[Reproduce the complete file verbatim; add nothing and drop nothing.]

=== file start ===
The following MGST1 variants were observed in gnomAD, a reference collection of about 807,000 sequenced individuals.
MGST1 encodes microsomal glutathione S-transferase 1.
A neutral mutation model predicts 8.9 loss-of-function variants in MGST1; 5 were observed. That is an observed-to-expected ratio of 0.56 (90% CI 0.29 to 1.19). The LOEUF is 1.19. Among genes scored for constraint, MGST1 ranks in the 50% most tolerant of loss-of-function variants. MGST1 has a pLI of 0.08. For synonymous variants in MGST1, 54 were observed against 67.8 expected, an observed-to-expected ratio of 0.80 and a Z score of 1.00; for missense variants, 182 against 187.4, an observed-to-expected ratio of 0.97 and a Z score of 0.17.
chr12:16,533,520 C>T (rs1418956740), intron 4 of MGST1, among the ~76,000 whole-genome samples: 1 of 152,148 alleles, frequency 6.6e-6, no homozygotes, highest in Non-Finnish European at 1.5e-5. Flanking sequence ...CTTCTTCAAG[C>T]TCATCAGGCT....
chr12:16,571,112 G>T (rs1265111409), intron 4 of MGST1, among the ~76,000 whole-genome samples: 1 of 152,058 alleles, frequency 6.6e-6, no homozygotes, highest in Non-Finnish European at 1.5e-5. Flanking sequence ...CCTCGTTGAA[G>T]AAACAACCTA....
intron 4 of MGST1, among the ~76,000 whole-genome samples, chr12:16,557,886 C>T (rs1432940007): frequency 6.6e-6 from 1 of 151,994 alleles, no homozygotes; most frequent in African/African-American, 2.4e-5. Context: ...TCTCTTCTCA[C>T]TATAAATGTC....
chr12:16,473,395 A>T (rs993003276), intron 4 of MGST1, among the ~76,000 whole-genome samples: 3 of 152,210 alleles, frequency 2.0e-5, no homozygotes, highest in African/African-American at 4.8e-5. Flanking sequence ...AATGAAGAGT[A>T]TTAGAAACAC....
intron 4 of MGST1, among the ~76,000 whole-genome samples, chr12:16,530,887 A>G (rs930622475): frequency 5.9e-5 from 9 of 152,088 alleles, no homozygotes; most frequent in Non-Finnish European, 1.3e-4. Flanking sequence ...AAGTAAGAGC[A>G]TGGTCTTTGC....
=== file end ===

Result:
The following MGST1 variants were observed in gnomAD, a reference collection of about 807,000 sequenced individuals.
MGST1 encodes microsomal glutathione S-transferase 1.
A neutral mutation model predicts 8.9 loss-of-function variants in MGST1; 5 were observed. That is an observed-to-expected ratio of 0.56 (90% CI 0.29 to 1.19). The LOEUF is 1.19. Among genes scored for constraint, MGST1 ranks in the 50% most tolerant of loss-of-function variants. MGST1 has a pLI of 0.08. For synonymous variants in MGST1, 54 were observed against 67.8 expected, an observed-to-expected ratio of 0.80 and a Z score of 1.00; for missense variants, 182 against 187.4, an observed-to-expected ratio of 0.97 and a Z score of 0.17.
chr12:16,533,520 C>T (rs1418956740), intron 4 of MGST1, among the ~76,000 whole-genome samples: 1 of 152,148 alleles, frequency 6.6e-6, no homozygotes, highest in Non-Finnish European at 1.5e-5. Flanking sequence ...CTTCTTCAAG[C>T]TCATCAGGCT....
chr12:16,571,112 G>T (rs1265111409), intron 4 of MGST1, among the ~76,000 whole-genome samples: 1 of 152,058 alleles, frequency 6.6e-6, no homozygotes, highest in Non-Finnish European at 1.5e-5. Flanking sequence ...CCTCGTTGAA[G>T]AAACAACCTA....
intron 4 of MGST1, among the ~76,000 whole-genome samples, chr12:16,557,886 C>T (rs1432940007): frequency 6.6e-6 from 1 of 151,994 alleles, no homozygotes; most frequent in African/African-American, 2.4e-5. Context: ...TCTCTTCTCA[C>T]TATAAATGTC....
chr12:16,473,395 A>T (rs993003276), intron 4 of MGST1, among the ~76,000 whole-genome samples: 3 of 152,210 alleles, frequency 2.0e-5, no homozygotes, highest in African/African-American at 4.8e-5. Flanking sequence ...AATGAAGAGT[A>T]TTAGAAACAC....
intron 4 of MGST1, among the ~76,000 whole-genome samples, chr12:16,530,887 A>G (rs930622475): frequency 5.9e-5 from 9 of 152,088 alleles, no homozygotes; most frequent in Non-Finnish European, 1.3e-4. Flanking sequence ...AAGTAAGAGC[A>G]TGGTCTTTGC....